Two Congressmen Introduce Bill To Exclude Digital Tokens From Securities Laws

Is Ripple’s XRP a security or token? 

That question may not matter much in the future, if a new bill introduced by Reps. Warren Davidson, R-Ohio, and Darren Soto, D-Fla. Is passed by both houses. The bill seeks to amend the Securities Act of 1933, which determines whether a given asset is a security or not, to include the definition of a “digital token” separate from securities.

In a statement, Rep. Davidson said the intent of their bill was to provide certainty and avoid over-regulation of the cryptocurrency market, similar to Congress’s attitude towards the Internet during its early days. The details of HR 7356 are still not public. A successful passage for the bill could provide regulatory clarity to entrepreneurs and thaw the chill over initial coin offering (ICO) markets due to the SEC’s recent actions and pronouncements regarding cryptocurrency markets.

The regulatory status of tokens has been the cause of much debate and controversy. The SEC uses the Howey test – which uses the three-pronged test of investment in a common enterprise, profit expectations, and promotion by third-parties – to determine whether a given asset is a security. But the novel nature and organization of cryptocurrencies means that there is much confusion about applying the Howey Test framework to tokens. 

For example, the 2014 ICO for ethereum’s ether satisfied all three criteria of the Howey test. The original whitepaper mentioned that ether would be provided to early buyers at a discount, thereby setting expectations of profits in the future. The ethereum foundation was also responsible for promoting the ICO to interested buyers.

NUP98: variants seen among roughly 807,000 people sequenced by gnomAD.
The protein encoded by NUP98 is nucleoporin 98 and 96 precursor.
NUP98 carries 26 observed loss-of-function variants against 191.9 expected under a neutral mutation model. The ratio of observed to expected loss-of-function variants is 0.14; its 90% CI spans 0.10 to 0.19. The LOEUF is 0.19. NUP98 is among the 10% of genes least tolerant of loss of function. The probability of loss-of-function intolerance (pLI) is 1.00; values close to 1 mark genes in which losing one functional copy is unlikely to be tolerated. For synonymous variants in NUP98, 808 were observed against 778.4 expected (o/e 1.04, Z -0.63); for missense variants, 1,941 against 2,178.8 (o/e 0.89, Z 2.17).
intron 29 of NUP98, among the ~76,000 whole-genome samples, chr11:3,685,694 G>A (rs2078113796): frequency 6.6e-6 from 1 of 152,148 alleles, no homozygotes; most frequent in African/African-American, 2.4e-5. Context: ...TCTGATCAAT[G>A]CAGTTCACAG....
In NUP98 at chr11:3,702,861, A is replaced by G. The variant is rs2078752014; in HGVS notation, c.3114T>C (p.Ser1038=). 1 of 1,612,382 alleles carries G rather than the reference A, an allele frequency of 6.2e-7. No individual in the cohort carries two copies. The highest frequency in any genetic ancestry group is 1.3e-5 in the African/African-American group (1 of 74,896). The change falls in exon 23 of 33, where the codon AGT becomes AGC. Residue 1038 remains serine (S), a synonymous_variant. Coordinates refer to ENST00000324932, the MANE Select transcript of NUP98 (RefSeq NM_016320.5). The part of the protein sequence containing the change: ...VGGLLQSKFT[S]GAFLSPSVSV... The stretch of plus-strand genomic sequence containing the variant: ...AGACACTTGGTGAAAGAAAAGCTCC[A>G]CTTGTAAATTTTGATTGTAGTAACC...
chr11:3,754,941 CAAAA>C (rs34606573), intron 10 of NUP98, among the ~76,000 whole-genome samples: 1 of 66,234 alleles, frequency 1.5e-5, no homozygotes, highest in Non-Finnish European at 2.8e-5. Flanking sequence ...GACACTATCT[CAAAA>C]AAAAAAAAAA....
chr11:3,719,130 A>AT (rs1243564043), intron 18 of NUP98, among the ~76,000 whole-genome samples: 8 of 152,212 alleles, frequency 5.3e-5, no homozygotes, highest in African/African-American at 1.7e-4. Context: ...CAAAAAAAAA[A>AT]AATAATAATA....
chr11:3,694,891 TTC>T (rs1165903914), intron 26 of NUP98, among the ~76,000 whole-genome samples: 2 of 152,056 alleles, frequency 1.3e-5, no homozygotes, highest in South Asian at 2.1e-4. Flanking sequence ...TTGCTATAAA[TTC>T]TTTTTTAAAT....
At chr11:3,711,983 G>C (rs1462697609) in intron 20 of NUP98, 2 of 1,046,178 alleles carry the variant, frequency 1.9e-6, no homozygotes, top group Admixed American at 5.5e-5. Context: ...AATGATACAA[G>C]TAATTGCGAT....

However, SEC commissioner William Hinman said this year that ethereum had evolved into a decentralized system, meaning no single entity profited from an increase in ether’s price. This meant that ether was not subject to stringent disclosure laws applicable for securities.    

Even as Hinman set ether in the clear, the SEC’s enforcement division has cracked down on suspect ICOs and either shut them down or fined them. The result has been a visible cooling of the ICO funding boom that characterized the run up in cryptocurrency prices during the earlier part of this year. The SEC’s actions have also had an adverse effect on cryptocurrency markets, which have been in a swoon since the beginning of this year. A positive step towards regulating cryptocurrencies could revive the markets.

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